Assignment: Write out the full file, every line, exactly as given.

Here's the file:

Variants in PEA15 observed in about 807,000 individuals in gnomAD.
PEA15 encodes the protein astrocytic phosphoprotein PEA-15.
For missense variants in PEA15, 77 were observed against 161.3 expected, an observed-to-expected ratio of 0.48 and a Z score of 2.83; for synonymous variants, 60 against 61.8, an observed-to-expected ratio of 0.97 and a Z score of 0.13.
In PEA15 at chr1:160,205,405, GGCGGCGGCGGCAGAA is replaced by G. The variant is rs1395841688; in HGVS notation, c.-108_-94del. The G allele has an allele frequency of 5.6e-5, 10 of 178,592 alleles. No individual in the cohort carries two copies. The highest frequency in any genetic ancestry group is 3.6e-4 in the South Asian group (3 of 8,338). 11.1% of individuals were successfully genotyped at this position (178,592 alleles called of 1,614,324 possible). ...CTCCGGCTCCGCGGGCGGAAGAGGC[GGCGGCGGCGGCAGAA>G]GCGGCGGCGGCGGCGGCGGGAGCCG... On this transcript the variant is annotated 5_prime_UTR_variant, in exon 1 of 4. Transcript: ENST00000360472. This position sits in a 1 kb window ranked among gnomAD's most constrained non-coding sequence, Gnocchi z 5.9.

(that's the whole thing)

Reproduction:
Variants in PEA15 observed in about 807,000 individuals in gnomAD.
PEA15 encodes the protein astrocytic phosphoprotein PEA-15.
For missense variants in PEA15, 77 were observed against 161.3 expected, an observed-to-expected ratio of 0.48 and a Z score of 2.83; for synonymous variants, 60 against 61.8, an observed-to-expected ratio of 0.97 and a Z score of 0.13.
In PEA15 at chr1:160,205,405, GGCGGCGGCGGCAGAA is replaced by G. The variant is rs1395841688; in HGVS notation, c.-108_-94del. The G allele has an allele frequency of 5.6e-5, 10 of 178,592 alleles. No individual in the cohort carries two copies. The highest frequency in any genetic ancestry group is 3.6e-4 in the South Asian group (3 of 8,338). 11.1% of individuals were successfully genotyped at this position (178,592 alleles called of 1,614,324 possible). ...CTCCGGCTCCGCGGGCGGAAGAGGC[GGCGGCGGCGGCAGAA>G]GCGGCGGCGGCGGCGGCGGGAGCCG... On this transcript the variant is annotated 5_prime_UTR_variant, in exon 1 of 4. Transcript: ENST00000360472. This position sits in a 1 kb window ranked among gnomAD's most constrained non-coding sequence, Gnocchi z 5.9.